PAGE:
Dali versus Picasso – A lesson from my journeys in Europe

Dali and Picasso are arguably the most famous names of 20th Century art (Picasso seems to be a tad ahead of Dali in recent times for recognisability). Will they be remembered in 500 years like Michelangelo and Da Vinci? Who knows. Art has its fashions, too.

They had several things in common

  • A love of myth, dreaming and symbolism,
  • A prolific output to the point of compulsion,
  • Their creative instincts were smack on the zeitgeist of their times,
  • A confidence (or arrogance) that freed them to pursue their creative and life impulses, regardless of criticism.
  • They both used caricatures and simplicity to tell stories.
  • Through their lives, they picked up and played with the art fashions and movements of their day, except the absolute abstraction of that came to the forefront from the 1940s to the 1970s and onwards – abstract expressionism, minimalism etc – although they might have been the original pop artists or at least inspiration for them.
  • They both made their meanings clear and usually pretty obvious, in ways that provoked their audience to think and feel.
  • They were both very intellectual in their expression of passion and imagination.
  • Both were unafraid money and fame, or of tags like commercialism or capitalist.
  • They were both Spanish and loved the heritage they were born into – expressed it in different ways.
  • Both were recognisable by the last name.

They were very different too.

  • Dali harnessed realism to his surrealist imagination, while Picasso, though he used the full gamut of his skills, seem to separate realism from his symbolism and expressionism.
  • Dali found a partner he was happy with most of his adult life, a relationship of equals, it seems, in many ways a true partnership. Picasso was known for “not keeping it in his pants” as the cliche goes. Some going as far as saying he was misogynist, though I’m not sure. His paintings certainly suggest sexually provocative appetites.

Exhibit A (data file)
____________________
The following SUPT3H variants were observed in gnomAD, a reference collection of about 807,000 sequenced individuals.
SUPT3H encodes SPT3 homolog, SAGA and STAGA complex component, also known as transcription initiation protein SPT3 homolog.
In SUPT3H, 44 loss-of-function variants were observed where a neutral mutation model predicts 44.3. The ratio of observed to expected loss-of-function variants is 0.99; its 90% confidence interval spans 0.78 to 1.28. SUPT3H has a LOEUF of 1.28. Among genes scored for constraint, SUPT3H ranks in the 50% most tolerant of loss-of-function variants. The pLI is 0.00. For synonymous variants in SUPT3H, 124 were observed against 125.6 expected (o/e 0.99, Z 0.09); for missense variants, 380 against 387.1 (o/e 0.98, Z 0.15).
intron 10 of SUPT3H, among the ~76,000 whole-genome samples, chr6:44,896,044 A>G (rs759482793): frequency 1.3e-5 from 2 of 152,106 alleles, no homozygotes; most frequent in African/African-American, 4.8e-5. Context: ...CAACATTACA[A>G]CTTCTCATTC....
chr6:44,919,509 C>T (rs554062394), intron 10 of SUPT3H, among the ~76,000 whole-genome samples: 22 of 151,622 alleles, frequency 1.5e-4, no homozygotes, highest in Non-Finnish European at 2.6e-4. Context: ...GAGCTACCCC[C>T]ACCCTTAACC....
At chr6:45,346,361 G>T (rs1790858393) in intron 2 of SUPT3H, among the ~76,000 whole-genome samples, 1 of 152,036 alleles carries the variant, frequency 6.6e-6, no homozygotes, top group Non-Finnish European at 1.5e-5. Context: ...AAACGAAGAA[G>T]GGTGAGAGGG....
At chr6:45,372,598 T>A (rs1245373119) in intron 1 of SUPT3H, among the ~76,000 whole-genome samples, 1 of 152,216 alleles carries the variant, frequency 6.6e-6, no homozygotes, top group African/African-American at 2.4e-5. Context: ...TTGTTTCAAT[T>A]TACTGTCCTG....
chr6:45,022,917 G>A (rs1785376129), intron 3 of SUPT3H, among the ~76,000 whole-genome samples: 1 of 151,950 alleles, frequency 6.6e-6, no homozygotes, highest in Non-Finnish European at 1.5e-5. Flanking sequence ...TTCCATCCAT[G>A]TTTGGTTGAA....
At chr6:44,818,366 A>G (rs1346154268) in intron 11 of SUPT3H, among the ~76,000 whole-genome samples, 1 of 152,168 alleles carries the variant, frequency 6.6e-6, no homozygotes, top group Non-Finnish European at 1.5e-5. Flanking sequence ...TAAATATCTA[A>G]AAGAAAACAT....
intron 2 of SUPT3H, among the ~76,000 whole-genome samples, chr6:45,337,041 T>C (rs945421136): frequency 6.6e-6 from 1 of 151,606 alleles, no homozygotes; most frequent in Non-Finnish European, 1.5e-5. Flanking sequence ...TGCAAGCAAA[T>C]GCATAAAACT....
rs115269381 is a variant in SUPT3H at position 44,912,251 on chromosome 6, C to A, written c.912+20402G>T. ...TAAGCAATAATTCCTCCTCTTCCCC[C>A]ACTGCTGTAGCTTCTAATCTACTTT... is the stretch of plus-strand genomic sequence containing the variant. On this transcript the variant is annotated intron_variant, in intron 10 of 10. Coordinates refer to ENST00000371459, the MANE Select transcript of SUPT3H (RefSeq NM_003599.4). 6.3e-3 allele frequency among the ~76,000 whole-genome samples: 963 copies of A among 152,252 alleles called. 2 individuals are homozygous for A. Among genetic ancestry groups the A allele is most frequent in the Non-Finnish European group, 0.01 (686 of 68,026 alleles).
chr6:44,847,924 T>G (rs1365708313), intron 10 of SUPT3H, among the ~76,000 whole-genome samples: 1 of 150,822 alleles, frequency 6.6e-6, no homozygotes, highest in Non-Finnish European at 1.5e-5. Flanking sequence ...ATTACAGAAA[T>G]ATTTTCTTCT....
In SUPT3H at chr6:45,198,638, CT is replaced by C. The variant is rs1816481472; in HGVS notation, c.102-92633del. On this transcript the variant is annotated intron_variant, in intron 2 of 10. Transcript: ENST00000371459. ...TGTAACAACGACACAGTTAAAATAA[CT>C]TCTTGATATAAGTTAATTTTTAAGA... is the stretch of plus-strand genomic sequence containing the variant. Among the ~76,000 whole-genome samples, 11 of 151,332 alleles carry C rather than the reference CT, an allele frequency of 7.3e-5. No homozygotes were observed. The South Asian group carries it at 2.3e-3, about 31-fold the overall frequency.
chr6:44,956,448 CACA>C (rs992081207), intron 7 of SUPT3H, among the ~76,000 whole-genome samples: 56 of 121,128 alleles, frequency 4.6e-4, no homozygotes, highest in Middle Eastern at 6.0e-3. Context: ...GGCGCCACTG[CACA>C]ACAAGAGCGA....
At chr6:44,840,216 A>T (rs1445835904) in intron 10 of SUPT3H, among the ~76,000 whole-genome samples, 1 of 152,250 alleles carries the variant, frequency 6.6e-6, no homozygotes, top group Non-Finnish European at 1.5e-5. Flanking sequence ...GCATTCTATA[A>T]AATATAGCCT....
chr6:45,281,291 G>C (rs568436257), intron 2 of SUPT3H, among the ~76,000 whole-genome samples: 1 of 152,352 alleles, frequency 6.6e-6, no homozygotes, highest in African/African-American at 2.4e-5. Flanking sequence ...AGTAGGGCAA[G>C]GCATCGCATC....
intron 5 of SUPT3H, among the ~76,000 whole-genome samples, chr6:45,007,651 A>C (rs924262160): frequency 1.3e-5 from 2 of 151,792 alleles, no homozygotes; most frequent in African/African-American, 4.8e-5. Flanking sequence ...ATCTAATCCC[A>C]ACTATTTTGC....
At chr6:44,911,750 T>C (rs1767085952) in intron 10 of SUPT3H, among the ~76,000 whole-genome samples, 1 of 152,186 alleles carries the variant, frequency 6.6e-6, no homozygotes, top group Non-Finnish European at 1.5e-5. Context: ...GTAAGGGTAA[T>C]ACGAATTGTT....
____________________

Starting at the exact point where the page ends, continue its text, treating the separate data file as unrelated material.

• Picasso’s art seems to me to be more macho, violence and analytical, deconstructive in ways that I think Dali was gentler on the eye of the beholder.

This was even true of Dali even when doing illustrations like those in this version of Alice in Wonderland, from 1969. You may not see them the same way.

My feeling is that even in these wonderfully weird mixes of abstract symbolist images the colours are delicate, transparent. There is a classical beauty aesthetic at play as in all Dali’s work, even at his most provocative. Picasso doesn’t have this. He is truly wanting to tear down the status quo using the same stories and myths that have been used throughout Western art history from classical times, through the Renaissance, and onto the Romantics of the 19th century. He uses highly skilled techniques sometimes, but at other times he doesn’t seem to give a shit. He wants to get the ideas out ASAP with thinking too much about the process or the meaning.